While dealing with her father’s descent into Alzheimer’s, author/journalist and Catholic television network EWTN broadcaster Colleen Carroll Campbell demonstrates the modern relevance of saints like Teresa of Avila and Therese of Lisieux in her quest to find personal fulfillment and professional success in her spiritual autobiography, “My Sisters the Saints,” (Image Books/Random House). Starting this summer Campbell will be anchor of “EWTN News Nightly with Colleen Carroll Campbell,” the global network’s first-ever daily newscast.

West-Eastern Divan OrchestraThe Christophers celebrate hope in books and film while the Argentinean-born Daniel Barenboim turns to music to shed light on peace. The West-Eastern Divan Orchestra [photo right] that the Jewish conductor and pianist co-founded in 1999 with [the late] Edward Said, a Palestinian scholar, is scheduled for a seven city European tour starting in July.

Wrote Anthony Tomassini of the orchestra originally made up of young musicians from Israel, Palestine and various Arab countries of the Middle East: “The West-Eastern Divan Orchestra takes its name from a book of poetry by Goethe exploring the concept of world culture. In 2002 the orchestra, adopted by the Andalusian government in Spain and a private foundation, set up its summer headquarters in Seville. Since then a number of European players, especially from Spain, have taken part.” 

Continued The New York Times critic: “From the project’s start, Said, who died in 2003, and Mr. Barenboim made no great claims for the transformative potential of the orchestra. But dialogue is a precondition to understanding. And dialogue is unavoidable when young musicians play music and live together.”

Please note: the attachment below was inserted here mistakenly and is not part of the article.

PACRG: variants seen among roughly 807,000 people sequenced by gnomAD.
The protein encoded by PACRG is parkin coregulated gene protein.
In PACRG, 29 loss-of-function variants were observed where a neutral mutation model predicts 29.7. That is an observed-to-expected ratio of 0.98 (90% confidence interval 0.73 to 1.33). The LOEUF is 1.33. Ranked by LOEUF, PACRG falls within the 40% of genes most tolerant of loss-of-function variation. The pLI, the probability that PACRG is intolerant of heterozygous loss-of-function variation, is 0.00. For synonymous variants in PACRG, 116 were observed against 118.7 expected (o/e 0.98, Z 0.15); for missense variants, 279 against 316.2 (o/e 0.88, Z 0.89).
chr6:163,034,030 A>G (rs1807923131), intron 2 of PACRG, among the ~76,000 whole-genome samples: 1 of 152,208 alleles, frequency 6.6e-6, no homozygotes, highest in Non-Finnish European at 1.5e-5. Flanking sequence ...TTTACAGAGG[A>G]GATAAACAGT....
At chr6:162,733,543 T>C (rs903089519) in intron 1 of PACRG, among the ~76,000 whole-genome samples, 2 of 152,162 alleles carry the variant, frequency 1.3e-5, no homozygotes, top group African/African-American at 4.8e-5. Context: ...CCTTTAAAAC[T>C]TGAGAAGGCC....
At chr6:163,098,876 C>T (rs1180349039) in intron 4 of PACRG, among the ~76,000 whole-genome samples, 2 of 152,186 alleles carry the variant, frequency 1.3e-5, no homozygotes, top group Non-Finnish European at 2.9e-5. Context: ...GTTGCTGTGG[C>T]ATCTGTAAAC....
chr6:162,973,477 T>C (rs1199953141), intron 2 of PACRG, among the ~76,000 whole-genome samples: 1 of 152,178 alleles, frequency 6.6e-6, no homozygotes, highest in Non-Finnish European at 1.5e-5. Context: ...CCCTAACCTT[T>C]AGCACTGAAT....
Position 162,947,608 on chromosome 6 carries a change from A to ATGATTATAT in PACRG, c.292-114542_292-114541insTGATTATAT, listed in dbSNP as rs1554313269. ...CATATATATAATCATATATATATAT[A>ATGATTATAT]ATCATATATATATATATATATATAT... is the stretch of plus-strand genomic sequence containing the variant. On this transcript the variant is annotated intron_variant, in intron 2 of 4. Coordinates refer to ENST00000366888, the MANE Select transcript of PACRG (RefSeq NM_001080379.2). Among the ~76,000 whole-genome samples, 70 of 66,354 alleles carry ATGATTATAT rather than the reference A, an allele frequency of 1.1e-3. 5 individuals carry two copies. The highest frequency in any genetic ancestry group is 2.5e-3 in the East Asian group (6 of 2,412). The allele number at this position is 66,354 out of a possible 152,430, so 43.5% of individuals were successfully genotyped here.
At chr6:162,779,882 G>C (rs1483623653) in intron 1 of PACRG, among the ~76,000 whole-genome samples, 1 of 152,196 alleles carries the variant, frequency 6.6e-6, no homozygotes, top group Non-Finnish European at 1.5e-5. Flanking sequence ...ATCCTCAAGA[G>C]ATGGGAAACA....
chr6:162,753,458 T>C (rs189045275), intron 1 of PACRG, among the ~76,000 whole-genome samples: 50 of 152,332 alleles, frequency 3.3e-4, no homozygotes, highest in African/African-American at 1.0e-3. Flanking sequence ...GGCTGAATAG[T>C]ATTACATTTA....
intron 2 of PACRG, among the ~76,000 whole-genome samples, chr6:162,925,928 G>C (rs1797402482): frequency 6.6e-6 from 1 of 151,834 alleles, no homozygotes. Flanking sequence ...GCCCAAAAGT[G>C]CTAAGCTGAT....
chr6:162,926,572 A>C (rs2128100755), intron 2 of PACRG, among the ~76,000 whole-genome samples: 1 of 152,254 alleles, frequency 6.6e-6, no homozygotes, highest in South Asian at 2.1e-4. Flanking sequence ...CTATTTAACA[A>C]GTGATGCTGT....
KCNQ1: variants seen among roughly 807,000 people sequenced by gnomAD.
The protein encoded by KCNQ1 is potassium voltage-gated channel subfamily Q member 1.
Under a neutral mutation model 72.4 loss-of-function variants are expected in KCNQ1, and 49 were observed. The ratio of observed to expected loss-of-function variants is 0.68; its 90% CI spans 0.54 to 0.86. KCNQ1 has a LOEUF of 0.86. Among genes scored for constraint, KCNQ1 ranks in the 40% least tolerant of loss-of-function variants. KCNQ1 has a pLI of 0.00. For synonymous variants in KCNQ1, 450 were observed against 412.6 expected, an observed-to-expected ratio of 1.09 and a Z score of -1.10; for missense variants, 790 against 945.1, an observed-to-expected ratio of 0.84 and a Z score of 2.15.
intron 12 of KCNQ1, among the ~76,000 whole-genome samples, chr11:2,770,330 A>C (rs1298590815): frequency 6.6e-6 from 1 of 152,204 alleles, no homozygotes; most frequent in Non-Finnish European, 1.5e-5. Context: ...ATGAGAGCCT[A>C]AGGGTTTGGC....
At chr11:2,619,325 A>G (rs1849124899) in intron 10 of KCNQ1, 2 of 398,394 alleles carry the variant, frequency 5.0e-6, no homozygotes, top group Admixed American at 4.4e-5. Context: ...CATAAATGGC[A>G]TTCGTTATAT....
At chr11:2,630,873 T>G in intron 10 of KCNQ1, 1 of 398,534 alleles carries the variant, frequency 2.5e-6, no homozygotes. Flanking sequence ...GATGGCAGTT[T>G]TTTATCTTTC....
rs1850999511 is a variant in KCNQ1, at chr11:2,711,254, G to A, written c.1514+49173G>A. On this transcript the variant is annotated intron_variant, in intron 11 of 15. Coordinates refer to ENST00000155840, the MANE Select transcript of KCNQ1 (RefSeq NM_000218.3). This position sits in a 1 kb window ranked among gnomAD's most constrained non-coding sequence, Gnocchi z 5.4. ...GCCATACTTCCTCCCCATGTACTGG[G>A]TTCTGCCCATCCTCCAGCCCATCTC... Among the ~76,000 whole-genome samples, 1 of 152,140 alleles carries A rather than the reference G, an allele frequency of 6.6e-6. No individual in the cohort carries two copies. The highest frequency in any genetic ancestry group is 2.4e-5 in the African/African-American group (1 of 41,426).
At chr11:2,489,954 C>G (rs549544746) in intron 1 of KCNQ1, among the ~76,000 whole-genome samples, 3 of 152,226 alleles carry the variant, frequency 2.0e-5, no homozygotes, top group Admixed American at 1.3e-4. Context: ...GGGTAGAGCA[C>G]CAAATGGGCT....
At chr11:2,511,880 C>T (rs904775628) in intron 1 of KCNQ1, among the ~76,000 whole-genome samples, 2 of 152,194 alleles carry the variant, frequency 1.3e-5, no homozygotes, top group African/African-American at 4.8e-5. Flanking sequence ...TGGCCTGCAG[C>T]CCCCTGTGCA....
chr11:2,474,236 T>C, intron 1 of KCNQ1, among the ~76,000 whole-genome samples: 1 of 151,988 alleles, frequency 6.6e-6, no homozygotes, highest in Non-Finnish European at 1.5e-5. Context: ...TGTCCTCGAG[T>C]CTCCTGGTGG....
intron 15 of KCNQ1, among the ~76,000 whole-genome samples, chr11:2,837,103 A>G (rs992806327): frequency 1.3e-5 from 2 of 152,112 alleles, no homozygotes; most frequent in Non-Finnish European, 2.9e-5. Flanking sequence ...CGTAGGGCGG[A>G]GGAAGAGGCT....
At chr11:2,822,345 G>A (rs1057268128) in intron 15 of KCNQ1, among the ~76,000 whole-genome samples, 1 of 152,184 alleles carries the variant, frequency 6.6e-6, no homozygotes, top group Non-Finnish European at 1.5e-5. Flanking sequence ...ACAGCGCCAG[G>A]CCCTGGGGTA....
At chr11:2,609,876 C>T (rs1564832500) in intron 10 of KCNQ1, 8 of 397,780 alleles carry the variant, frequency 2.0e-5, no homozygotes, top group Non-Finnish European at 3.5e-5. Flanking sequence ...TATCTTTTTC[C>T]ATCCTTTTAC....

Do you believe that light–as small as that shed by one candle or the synergy among musicians in a single orchestra–will overcome darkness? Can you share the names of other organizations in the business of hope?

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12 Responses to “Service of Lit Candles”

  1. ASK Said:

    Brought up a Catholic, I find lighting candles very therapeutic in a hopeful & healing way. Let’s hope there is something to it beyond the symbolism…

  2. Jo S. Kittinger Said:

    Thank you for mentioning my book, THE HOUSE ON DIRTY-THIRD STREET,in this blog. I was thrilled and humbled to receive a Christopher Award and am grateful for all The Christophers do to highlight and encourage books and other media with positive messages.

  3. Jeanne Byington Said:

    ASK,

    I am not involved in the selection process but understand that competition is stiff for Christopher Awards which is a good sign. The subjects, far from Pollyanna, are treated respectfully and illustrate the benefits of hope. I like to think of the collective films and books that The Christophers have honored over the years, and those they will recognize in future, each holding one candle and together creating a blinding effect that makes a difference and can’t be ignored.

  4. Jeanne Byington Said:

    Jo,

    I read your book and admired how you handled a difficult subject and how well Thomas Gonzalez illustrated “The House on Dirty-Third Street.” Congratulations on the award.

  5. Lucrezia Said: